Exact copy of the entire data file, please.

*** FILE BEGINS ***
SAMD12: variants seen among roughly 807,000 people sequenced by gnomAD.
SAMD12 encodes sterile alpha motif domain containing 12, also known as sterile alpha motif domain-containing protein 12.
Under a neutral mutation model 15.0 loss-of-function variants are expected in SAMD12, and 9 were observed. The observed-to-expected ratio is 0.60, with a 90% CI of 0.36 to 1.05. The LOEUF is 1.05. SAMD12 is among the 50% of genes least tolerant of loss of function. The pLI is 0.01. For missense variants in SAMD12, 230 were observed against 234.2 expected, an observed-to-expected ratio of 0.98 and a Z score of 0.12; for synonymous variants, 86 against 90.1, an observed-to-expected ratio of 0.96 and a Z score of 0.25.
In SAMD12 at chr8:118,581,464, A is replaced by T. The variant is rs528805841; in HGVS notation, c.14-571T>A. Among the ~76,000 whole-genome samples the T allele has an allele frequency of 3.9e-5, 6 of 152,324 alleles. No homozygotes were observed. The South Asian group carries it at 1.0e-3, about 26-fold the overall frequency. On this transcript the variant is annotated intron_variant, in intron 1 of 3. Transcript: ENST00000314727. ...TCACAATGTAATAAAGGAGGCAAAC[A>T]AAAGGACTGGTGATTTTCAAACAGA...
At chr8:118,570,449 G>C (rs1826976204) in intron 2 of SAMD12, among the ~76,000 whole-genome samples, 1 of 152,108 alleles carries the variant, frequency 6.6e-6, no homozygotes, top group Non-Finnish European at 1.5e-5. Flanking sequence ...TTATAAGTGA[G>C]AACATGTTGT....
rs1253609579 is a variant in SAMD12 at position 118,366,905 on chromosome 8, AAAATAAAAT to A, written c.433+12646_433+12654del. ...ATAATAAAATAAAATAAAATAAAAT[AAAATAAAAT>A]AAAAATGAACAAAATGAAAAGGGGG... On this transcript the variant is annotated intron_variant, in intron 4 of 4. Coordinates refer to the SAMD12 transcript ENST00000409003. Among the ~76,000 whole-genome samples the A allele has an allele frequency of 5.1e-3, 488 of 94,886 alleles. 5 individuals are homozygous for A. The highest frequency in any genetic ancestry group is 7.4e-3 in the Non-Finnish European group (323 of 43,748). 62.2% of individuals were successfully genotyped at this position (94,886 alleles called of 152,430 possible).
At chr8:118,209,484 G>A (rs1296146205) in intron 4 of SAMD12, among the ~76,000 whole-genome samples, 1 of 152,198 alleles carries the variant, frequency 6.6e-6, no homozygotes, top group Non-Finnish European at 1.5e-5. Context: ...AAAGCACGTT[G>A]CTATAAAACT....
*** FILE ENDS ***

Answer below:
SAMD12: variants seen among roughly 807,000 people sequenced by gnomAD.
SAMD12 encodes sterile alpha motif domain containing 12, also known as sterile alpha motif domain-containing protein 12.
Under a neutral mutation model 15.0 loss-of-function variants are expected in SAMD12, and 9 were observed. The observed-to-expected ratio is 0.60, with a 90% CI of 0.36 to 1.05. The LOEUF is 1.05. SAMD12 is among the 50% of genes least tolerant of loss of function. The pLI is 0.01. For missense variants in SAMD12, 230 were observed against 234.2 expected, an observed-to-expected ratio of 0.98 and a Z score of 0.12; for synonymous variants, 86 against 90.1, an observed-to-expected ratio of 0.96 and a Z score of 0.25.
In SAMD12 at chr8:118,581,464, A is replaced by T. The variant is rs528805841; in HGVS notation, c.14-571T>A. Among the ~76,000 whole-genome samples the T allele has an allele frequency of 3.9e-5, 6 of 152,324 alleles. No homozygotes were observed. The South Asian group carries it at 1.0e-3, about 26-fold the overall frequency. On this transcript the variant is annotated intron_variant, in intron 1 of 3. Transcript: ENST00000314727. ...TCACAATGTAATAAAGGAGGCAAAC[A>T]AAAGGACTGGTGATTTTCAAACAGA...
At chr8:118,570,449 G>C (rs1826976204) in intron 2 of SAMD12, among the ~76,000 whole-genome samples, 1 of 152,108 alleles carries the variant, frequency 6.6e-6, no homozygotes, top group Non-Finnish European at 1.5e-5. Flanking sequence ...TTATAAGTGA[G>C]AACATGTTGT....
rs1253609579 is a variant in SAMD12 at position 118,366,905 on chromosome 8, AAAATAAAAT to A, written c.433+12646_433+12654del. ...ATAATAAAATAAAATAAAATAAAAT[AAAATAAAAT>A]AAAAATGAACAAAATGAAAAGGGGG... On this transcript the variant is annotated intron_variant, in intron 4 of 4. Coordinates refer to the SAMD12 transcript ENST00000409003. Among the ~76,000 whole-genome samples the A allele has an allele frequency of 5.1e-3, 488 of 94,886 alleles. 5 individuals are homozygous for A. The highest frequency in any genetic ancestry group is 7.4e-3 in the Non-Finnish European group (323 of 43,748). 62.2% of individuals were successfully genotyped at this position (94,886 alleles called of 152,430 possible).
At chr8:118,209,484 G>A (rs1296146205) in intron 4 of SAMD12, among the ~76,000 whole-genome samples, 1 of 152,198 alleles carries the variant, frequency 6.6e-6, no homozygotes, top group Non-Finnish European at 1.5e-5. Context: ...AAAGCACGTT[G>A]CTATAAAACT....